Finally, all health center board members, a majority of whom are also patients of the health centers, are all volunteers and dedicate countless hours to ensure necessary medical and social services are provided to their fellow community residents. These board members commit to multiple years of service, travel to state and national conferences to represent their health center and serve as the voice for their health center in countless meetings with state and federal legislators.

NACHC is pleased to use this occasion to release a new resource: Community Health Center Volunteer Experiences. This one-pager will provided interested volunteers a brief background on Community Health Centers and how to seek a volunteer experience at a local health center.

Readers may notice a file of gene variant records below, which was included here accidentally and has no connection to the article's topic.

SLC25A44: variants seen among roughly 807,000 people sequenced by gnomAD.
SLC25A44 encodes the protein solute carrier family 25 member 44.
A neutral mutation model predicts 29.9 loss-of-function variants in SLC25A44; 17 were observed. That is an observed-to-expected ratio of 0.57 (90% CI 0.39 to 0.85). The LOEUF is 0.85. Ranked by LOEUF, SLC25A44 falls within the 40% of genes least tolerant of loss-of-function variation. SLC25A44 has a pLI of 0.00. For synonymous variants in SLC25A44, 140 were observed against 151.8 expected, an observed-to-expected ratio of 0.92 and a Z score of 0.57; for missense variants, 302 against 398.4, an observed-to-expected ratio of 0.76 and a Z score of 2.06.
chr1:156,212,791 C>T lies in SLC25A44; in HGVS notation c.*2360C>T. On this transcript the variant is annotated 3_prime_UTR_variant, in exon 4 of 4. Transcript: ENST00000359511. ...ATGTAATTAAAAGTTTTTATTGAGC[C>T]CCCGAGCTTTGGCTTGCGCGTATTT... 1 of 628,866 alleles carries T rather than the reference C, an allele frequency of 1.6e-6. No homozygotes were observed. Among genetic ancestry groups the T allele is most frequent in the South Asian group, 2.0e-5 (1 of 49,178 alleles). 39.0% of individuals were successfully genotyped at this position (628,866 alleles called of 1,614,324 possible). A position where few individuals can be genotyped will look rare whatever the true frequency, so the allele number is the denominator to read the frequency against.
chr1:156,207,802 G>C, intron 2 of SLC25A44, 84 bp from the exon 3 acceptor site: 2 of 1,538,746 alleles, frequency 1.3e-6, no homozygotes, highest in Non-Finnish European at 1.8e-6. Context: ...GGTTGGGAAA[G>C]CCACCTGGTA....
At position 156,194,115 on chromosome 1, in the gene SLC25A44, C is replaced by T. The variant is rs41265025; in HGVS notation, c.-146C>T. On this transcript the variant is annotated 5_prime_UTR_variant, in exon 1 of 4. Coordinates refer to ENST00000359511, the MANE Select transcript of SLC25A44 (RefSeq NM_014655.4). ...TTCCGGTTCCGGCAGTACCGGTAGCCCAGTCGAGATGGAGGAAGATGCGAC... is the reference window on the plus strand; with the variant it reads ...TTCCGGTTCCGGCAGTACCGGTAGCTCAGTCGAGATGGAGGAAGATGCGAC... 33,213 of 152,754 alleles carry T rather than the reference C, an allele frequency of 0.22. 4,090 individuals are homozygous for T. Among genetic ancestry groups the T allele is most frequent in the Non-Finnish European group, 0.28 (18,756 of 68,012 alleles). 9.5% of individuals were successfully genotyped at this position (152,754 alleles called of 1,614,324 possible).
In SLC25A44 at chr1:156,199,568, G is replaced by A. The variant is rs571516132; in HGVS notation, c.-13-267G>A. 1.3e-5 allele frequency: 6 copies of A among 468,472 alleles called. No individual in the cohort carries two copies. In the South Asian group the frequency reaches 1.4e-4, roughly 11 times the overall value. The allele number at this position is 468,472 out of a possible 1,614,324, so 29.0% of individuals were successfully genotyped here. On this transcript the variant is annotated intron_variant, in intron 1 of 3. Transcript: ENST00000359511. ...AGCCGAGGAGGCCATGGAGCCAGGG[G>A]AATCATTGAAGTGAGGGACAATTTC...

While we recognize Volunteer Week we encourage you to thank your volunteers every day!

[1] Estimated value of volunteer time for 2012 is $22.14/hour

Posted in AmeriCorps, Community Health Centers, community healthcorps, NACHC, national service, National Volunteer Week, service, volunteer | Tagged , , , , , , , , | Leave a comment